When you’re diagnosed with infertility, you silence yourself. You feel stigmatized, you feel alone. You don’t talk about it. And that’s partly why what we try and do in this infertility community is to tell people you’re not alone, seek out that help and support, get connected with others, whether that’s online or in person.
I agree with Barbara, and have found attending my RESOLVE group to be a more powerful and helpful experience than I ever expected. I don’t think I would have chosen to write about my experience if I had not first attended my group. However, I’m a writer professionally, and I’m somewhat used to, or at least prepared for, the choices I make and the words I choose to express myself being debated and discussed by strangers. So it pains me to think that someone who does not care to invite debate over their choices might be afraid to tell other people about a treatment or decision–expensive, difficult, fraught–because of the many uninformed, unscientific, and even unsympathetic things they expect to hear. Raw foods or acupuncture or will cure your infertility. Drink whole milk, eat meat, relax, go on vacation. You are too fat or too thin, you exercise too much or too little. You should have had your family when you were younger. You should do IVF right away! You should “just adopt.” (Having thought about adoption for a while, I know there are just as many unkind and uninformed things people have about that choice, too.) One of the points I try to make in my essay, and that I tried to make on air, is that you cannot know what you would do to build your family* unless or until you experience infertility for yourself, and also–as Dr. Gindoff and Barbara Collura were careful to express–that every individual will have a different experience.
It’s interesting to me when people try to universalize anecdotal evidence, when everyone becomes an expert on something as complex as human infertility and the choice to bring a child into the world–or not. Virginia Woolf struggled with it. So did Frida Kahlo (as a commenter on Orion recently mentioned). Medical doctors and researchers struggle with it. Someone you know might very well be struggling–in silence–because she is afraid of judgment she doesn’t deserve.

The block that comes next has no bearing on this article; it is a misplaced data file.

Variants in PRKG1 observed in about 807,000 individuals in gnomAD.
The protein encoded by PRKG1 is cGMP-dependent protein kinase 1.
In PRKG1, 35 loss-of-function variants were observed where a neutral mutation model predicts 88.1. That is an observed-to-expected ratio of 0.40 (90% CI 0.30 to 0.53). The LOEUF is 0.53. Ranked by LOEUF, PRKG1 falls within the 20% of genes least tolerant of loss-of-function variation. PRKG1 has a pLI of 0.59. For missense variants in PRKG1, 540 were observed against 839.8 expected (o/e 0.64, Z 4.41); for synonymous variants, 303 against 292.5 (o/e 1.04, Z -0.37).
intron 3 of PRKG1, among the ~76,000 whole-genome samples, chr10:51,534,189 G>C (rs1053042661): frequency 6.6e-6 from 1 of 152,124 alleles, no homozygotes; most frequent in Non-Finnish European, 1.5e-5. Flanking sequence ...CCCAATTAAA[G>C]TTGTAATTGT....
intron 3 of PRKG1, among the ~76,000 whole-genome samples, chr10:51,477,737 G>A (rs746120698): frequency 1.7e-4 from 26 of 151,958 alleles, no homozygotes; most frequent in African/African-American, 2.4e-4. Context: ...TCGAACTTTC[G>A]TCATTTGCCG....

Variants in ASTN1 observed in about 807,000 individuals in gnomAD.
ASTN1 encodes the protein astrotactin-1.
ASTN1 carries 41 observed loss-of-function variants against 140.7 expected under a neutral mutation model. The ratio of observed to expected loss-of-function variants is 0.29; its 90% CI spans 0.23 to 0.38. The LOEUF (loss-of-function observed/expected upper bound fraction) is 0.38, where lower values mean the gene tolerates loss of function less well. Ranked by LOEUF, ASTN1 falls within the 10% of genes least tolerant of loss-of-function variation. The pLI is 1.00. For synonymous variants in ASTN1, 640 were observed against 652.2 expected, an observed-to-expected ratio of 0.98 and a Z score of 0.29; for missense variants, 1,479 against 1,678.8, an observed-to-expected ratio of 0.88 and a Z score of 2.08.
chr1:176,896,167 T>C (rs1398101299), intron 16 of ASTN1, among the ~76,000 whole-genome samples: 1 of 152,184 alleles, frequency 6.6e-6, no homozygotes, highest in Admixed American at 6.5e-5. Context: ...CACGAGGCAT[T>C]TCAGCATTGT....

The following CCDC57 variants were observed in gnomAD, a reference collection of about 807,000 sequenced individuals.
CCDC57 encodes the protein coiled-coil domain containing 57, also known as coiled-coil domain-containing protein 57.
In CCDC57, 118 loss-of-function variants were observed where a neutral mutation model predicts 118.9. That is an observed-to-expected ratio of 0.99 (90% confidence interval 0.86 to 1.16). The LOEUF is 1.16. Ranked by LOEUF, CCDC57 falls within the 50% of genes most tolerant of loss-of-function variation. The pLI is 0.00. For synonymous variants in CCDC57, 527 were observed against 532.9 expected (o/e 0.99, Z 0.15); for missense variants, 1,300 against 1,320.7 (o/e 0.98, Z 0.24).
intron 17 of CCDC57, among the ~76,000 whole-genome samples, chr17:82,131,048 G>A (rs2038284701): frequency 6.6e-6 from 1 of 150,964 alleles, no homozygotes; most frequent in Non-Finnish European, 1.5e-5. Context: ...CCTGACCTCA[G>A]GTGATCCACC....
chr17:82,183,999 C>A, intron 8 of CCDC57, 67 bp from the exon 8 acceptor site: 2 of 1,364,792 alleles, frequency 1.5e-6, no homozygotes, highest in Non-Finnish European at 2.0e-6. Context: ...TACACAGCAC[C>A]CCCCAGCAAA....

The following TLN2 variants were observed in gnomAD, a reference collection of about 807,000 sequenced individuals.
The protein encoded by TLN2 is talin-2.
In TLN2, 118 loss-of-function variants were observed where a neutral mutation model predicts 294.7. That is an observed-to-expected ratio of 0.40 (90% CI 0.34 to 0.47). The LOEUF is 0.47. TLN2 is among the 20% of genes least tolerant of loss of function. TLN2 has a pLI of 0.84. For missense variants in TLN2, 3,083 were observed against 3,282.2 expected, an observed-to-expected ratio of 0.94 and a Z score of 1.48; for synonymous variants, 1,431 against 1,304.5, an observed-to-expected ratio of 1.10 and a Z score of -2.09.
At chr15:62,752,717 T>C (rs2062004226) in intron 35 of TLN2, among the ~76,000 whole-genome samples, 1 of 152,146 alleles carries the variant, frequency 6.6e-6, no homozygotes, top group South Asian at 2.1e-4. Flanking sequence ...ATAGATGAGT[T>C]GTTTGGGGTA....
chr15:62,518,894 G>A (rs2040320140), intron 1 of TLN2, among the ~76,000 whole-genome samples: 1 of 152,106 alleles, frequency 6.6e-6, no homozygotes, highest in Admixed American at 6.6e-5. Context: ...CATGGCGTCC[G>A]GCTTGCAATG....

*another point I did not make on air, but wanted to: you do not have to have children to be or to have a family. Richard and I and our two cats and our parents and brothers and sisters, aunts, uncles, cousins, etc.: we are a family. Already.
The other week, at a reading of his new book, Broadway Baby, the poet Alan Shapiro said something about writing that I had to repeat to my students: “Writing is a way of being happy. Even if you’re writing about something sad.” I’ve said similar things to them, but never as well as that.
“The Art of Waiting” is an essay I wrote for Orion magazine, one of my favorite publications. I’m so honored that Orion published my essay, which is probably the most personal and difficult piece I’ve ever written. But writing it–when things were very hard, and very sad for me–was a gift. It was a way of reminding myself not only that I’m not alone, but that the natural world is interesting, mysterious, and wonderful, and provides purpose and healing that we did not expect. Click here to read about Jamani the lowland gorilla, marmoset reproductive suppression, Virginia Woolf’s diaries, the sound of 13-year cicadas, and my efforts to come to terms with my own infertility.
(Pictured above: sunset in Siesta Key, Florida)